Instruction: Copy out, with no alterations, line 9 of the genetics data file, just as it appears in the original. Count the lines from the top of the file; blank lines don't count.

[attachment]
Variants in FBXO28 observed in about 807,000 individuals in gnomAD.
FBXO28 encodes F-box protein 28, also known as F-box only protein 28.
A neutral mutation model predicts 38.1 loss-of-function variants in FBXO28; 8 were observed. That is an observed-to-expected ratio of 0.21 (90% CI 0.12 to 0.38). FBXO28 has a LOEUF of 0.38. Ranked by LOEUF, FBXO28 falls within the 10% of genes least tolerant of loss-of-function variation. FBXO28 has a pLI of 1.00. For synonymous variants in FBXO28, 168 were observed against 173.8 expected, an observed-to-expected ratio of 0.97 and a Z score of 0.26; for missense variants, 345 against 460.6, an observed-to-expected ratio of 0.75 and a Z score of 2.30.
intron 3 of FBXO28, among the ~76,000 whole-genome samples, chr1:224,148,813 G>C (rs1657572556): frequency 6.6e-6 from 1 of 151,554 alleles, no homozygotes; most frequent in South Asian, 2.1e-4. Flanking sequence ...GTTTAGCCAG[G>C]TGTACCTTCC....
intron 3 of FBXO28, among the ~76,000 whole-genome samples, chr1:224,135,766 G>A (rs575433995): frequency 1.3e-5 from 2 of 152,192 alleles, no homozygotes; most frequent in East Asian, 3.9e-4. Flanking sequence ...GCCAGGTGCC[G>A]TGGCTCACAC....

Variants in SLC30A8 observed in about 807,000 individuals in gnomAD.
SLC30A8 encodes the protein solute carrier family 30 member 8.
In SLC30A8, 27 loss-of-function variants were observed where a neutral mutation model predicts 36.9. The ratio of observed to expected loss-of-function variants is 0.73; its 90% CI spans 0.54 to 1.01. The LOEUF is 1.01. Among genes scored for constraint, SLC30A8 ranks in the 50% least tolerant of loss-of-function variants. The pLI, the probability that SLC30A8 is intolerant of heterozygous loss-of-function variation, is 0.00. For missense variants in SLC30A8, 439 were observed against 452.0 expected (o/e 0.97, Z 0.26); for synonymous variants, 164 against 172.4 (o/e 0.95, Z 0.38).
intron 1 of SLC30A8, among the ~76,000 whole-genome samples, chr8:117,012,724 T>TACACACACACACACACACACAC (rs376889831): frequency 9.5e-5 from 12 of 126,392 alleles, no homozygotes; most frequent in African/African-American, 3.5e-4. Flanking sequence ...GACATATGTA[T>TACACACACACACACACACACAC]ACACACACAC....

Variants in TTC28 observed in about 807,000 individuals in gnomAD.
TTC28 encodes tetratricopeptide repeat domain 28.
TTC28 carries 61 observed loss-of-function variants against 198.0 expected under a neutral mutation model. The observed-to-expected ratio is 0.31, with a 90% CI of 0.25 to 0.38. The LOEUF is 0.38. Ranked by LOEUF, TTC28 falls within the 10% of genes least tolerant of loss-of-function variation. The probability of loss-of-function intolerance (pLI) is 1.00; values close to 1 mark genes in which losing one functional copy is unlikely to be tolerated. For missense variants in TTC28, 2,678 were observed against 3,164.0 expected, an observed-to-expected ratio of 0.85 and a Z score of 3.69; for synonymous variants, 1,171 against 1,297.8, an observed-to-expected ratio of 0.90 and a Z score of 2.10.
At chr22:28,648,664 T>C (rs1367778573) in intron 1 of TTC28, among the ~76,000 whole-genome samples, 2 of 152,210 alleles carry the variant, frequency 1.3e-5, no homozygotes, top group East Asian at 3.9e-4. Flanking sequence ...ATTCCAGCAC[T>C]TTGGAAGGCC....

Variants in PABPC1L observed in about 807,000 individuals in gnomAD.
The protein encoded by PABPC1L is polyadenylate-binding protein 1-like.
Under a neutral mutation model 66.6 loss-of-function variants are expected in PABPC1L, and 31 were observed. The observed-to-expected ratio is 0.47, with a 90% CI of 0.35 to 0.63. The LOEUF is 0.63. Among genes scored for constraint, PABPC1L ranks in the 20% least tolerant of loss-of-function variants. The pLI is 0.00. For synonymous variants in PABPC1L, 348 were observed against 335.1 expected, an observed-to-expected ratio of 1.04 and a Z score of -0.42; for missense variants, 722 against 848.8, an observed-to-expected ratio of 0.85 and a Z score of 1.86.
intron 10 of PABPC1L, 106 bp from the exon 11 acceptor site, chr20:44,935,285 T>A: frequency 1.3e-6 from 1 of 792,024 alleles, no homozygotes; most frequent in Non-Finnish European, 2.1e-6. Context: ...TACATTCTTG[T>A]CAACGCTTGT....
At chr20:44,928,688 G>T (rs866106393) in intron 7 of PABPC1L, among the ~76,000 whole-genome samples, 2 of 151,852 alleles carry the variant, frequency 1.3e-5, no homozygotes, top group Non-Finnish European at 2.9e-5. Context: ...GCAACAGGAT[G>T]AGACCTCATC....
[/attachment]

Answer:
intron 1 of SLC30A8, among the ~76,000 whole-genome samples, chr8:117,012,724 T>TACACACACACACACACACACAC (rs376889831): frequency 9.5e-5 from 12 of 126,392 alleles, no homozygotes; most frequent in African/African-American, 3.5e-4. Flanking sequence ...GACATATGTA[T>TACACACACACACACACACACAC]ACACACACAC....